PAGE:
I am sorry to be writing you this letter. So sorry. I really am sorry. Just so extremely sorry. But the repetition's gotta stop. Didn't reading those first few sentences bore you to death just then with sorry being constantly repeated? It is just too much. You really need to stop, its getting unhealthy. Did those moments in your querencia feel like hours? That's great if it did but I do not need to know that 5 other times. Telling me that once will leave a much larger emphasis and it will make it stronger. Saying the same thing over and over again adds no effect, other then me falling asleep. I'm so happy for you that you found a connection with someone new. As you said about three times, you shared something with Dillard. I do not need to hear about that over and over again. I'm happy that you found someone new and had to tell the whole world about it. Obviously you were just too overjoyed to be leaving me that you just forgot about me and used repetition all wrong.
Your Querencia Speech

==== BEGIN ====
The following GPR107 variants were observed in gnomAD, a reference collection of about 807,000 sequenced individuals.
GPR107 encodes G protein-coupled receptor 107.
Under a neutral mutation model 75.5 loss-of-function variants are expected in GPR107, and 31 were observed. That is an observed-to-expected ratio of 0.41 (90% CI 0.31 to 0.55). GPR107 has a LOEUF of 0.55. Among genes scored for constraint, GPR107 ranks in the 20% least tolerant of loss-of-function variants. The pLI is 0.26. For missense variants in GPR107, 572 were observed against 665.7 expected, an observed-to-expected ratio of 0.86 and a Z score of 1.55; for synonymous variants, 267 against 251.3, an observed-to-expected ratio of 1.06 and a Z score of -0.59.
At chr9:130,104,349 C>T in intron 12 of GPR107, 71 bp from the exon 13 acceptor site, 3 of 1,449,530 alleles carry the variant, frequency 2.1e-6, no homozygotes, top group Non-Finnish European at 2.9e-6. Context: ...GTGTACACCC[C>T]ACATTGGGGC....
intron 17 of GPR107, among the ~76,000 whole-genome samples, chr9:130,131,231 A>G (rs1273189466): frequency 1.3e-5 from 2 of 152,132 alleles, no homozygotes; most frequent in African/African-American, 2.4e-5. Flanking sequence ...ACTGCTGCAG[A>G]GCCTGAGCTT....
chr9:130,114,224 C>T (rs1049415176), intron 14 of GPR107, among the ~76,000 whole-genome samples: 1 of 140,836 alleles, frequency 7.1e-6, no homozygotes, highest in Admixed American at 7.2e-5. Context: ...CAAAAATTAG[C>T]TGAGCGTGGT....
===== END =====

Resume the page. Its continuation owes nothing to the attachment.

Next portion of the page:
This wonderful week our students have been taking a break from their normal lives here at Alzar School, and to get a little practice in the field of Wilderness Medicine. This week they are roaming around campus, covered in artificial blood and injuries (called “moulage”) and taking care of each other’s make-believe injuries as they take part in a Wilderness Advanced First Aid course, or WAFA. As the students learn new vocabulary like “intracranial pressure” and new skills like the “focused spine assessment” they are slowly adding to their repertoire of leadership abilities. The students are becoming better and better at many of the 10 Elements of Leadership as they learn and practice more elements in action (for a full list of the 10 Elements of Leadership check out this page: http://alzarschool.org/about/faq/).